US5391510A (en) * 1992-02-28 1995-02-21 International Business Machines Corporation Formation of self-aligned metal gate FETs using a benignant removable gate material during high temperature steps
US5393686A (en) * 1994-08-29 1995-02-28 Taiwan Semiconductor Manufacturing Company Method of forming gate oxide by TLC gettering clean
US5548143A (en) * 1993-04-29 1996-08-20 Samsung Electronics Co., Ltd. Metal oxide semiconductor transistor and a method for manufacturing the same
US5576227A (en) * 1994-11-02 1996-11-19 United Microelectronics Corp. Process for fabricating a recessed gate MOS device
US5773348A (en) * 1997-05-21 1998-06-30 Powerchip Semiconductor Corp. Method of fabricating a short-channel MOS device
US5854102A (en) * 1996-03-01 1998-12-29 Micron Technology, Inc. Vertical diode structures with low series resistance

Patent Citations (8)

* Cited by examiner, † Cited by third party
Publication number Priority date Publication date Assignee Title
US4521448A (en) * 1982-03-16 1985-06-04 Tokyo Shibaura Denki Kabushiki Kaisha Method of manufacturing semiconductor device
US5391510A (en) * 1992-02-28 1995-02-21 International Business Machines Corporation Formation of self-aligned metal gate FETs using a benignant removable gate material during high temperature steps
US5316981A (en) * 1992-10-09 1994-05-31 Advanced Micro Devices, Inc. Method for achieving a high quality thin oxide using a sacrificial oxide anneal
US5548143A (en) * 1993-04-29 1996-08-20 Samsung Electronics Co., Ltd. Metal oxide semiconductor transistor and a method for manufacturing the same
US5393686A (en) * 1994-08-29 1995-02-28 Taiwan Semiconductor Manufacturing Company Method of forming gate oxide by TLC gettering clean
US5576227A (en) * 1994-11-02 1996-11-19 United Microelectronics Corp. Process for fabricating a recessed gate MOS device
US5854102A (en) * 1996-03-01 1998-12-29 Micron Technology, Inc. Vertical diode structures with low series resistance
US5773348A (en) * 1997-05-21 1998-06-30 Powerchip Semiconductor Corp. Method of fabricating a short-channel MOS device

Cited By (39)

* Cited by examiner, † Cited by third party
Publication number Priority date Publication date Assignee Title
US6124188A (en) * 1998-12-01 2000-09-26 Advanced Micro Devices, Inc. Semiconductor device and fabrication method using a germanium sacrificial gate electrode plug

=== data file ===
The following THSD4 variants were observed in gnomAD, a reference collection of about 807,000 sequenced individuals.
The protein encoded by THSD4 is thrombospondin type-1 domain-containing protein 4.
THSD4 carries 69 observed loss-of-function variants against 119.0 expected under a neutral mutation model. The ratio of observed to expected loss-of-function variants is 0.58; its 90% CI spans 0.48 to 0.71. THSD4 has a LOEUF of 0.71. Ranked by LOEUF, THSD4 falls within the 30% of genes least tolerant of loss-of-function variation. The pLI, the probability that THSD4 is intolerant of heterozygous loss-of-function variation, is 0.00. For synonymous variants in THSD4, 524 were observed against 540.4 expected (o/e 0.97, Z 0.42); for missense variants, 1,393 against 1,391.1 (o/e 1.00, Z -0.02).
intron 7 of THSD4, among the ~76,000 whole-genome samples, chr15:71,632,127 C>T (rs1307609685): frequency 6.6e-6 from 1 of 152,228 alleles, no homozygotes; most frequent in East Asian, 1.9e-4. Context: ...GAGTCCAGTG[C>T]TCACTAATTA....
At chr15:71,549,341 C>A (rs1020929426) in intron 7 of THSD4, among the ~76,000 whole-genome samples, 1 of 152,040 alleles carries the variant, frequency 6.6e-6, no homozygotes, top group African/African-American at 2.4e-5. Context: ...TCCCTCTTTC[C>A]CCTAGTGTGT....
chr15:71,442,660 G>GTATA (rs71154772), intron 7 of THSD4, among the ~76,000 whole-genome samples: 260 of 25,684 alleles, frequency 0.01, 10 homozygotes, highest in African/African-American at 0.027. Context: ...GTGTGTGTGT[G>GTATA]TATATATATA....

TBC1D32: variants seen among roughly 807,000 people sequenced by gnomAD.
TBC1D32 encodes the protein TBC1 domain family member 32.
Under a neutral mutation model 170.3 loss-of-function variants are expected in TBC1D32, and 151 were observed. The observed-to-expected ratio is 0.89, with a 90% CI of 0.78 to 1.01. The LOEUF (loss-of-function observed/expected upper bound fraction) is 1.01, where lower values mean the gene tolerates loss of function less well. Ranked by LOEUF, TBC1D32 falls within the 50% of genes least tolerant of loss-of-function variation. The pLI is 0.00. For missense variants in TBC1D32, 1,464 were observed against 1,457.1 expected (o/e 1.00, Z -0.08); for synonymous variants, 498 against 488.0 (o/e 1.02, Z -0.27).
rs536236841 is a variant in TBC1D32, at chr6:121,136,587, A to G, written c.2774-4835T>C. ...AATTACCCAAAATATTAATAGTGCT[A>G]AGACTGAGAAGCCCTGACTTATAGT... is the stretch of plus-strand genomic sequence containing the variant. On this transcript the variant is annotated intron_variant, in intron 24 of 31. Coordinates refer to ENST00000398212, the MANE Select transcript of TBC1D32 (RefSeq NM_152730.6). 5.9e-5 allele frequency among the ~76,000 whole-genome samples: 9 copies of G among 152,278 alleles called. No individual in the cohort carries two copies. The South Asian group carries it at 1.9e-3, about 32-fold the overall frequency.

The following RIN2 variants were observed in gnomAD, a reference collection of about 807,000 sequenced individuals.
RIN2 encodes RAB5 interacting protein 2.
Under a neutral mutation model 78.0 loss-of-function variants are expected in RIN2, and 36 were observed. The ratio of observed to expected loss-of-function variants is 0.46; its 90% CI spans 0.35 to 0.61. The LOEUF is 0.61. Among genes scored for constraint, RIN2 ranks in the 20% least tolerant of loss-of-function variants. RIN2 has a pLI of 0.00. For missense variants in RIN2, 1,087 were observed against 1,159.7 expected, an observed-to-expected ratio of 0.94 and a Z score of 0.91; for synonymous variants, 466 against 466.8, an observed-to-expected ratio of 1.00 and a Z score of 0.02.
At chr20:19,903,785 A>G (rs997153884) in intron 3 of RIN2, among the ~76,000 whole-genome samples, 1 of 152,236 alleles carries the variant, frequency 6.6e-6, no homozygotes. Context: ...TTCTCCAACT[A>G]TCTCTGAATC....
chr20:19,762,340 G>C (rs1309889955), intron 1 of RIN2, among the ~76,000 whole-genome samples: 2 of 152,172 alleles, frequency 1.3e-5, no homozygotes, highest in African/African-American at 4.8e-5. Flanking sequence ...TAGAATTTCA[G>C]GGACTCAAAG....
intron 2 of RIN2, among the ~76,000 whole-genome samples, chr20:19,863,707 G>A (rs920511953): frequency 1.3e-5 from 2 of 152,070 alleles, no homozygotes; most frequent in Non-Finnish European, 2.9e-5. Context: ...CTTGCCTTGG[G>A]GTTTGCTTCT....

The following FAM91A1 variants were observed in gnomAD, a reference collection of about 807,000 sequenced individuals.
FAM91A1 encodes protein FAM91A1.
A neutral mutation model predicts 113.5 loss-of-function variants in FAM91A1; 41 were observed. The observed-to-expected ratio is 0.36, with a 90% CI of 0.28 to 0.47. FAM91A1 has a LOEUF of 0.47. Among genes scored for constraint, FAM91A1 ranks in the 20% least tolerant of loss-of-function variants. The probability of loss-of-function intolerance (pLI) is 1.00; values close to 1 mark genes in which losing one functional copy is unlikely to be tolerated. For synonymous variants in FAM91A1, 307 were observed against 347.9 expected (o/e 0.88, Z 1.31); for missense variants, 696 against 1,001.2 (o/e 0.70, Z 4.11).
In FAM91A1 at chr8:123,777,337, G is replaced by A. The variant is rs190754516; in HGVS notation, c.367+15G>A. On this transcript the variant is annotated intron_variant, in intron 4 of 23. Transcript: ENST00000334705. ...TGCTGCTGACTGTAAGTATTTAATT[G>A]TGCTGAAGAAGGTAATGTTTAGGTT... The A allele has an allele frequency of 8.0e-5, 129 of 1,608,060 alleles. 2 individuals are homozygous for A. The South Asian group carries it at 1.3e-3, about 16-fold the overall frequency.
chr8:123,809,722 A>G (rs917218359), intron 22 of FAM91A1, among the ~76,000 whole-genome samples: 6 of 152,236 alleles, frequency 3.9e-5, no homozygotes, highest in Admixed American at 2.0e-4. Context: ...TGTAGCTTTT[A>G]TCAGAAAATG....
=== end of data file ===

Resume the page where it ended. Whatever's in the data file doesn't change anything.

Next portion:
US6200865B1 (en) * 1998-12-04 2001-03-13 Advanced Micro Devices, Inc. Use of sacrificial dielectric structure to form semiconductor device with a self-aligned threshold adjust and overlying low-resistance gate
US6210999B1 (en) 1998-12-04 2001-04-03 Advanced Micro Devices, Inc. Method and test structure for low-temperature integration of high dielectric constant gate dielectrics into self-aligned semiconductor devices
US6617190B2 (en) * 1999-06-11 2003-09-09 National Yunlin University Of Science And Technology A-WO3-gate ISFET devices and method of making the same
US6406950B1 (en) * 2000-12-07 2002-06-18 Advanced Micro Devices, Inc. Definition of small damascene metal gates using reverse through approach
EP1231630A2 (en) * 2001-02-13 2002-08-14 Sharp Corporation Method of fabricating ferroelectric memory transistors
EP1231630A3 (en) * 2001-02-13 2004-12-29 Sharp Corporation Method of fabricating ferroelectric memory transistors
US6475908B1 (en) * 2001-10-18 2002-11-05 Chartered Semiconductor Manufacturing Ltd. Dual metal gate process: metals and their silicides
US20040065930A1 (en) * 2001-10-18 2004-04-08 Chartered Semiconductor Manufacturing, Ltd. Dual metal gate process: metals and their silicides
US6750519B2 (en) 2001-10-18 2004-06-15 Chartered Semiconductor Manufacturing Ltd. Dual metal gate process: metals and their silicides
US7005716B2 (en) 2001-10-18 2006-02-28 Chartered Semiconductor Manufacturing Ltd. Dual metal gate process: metals and their silicides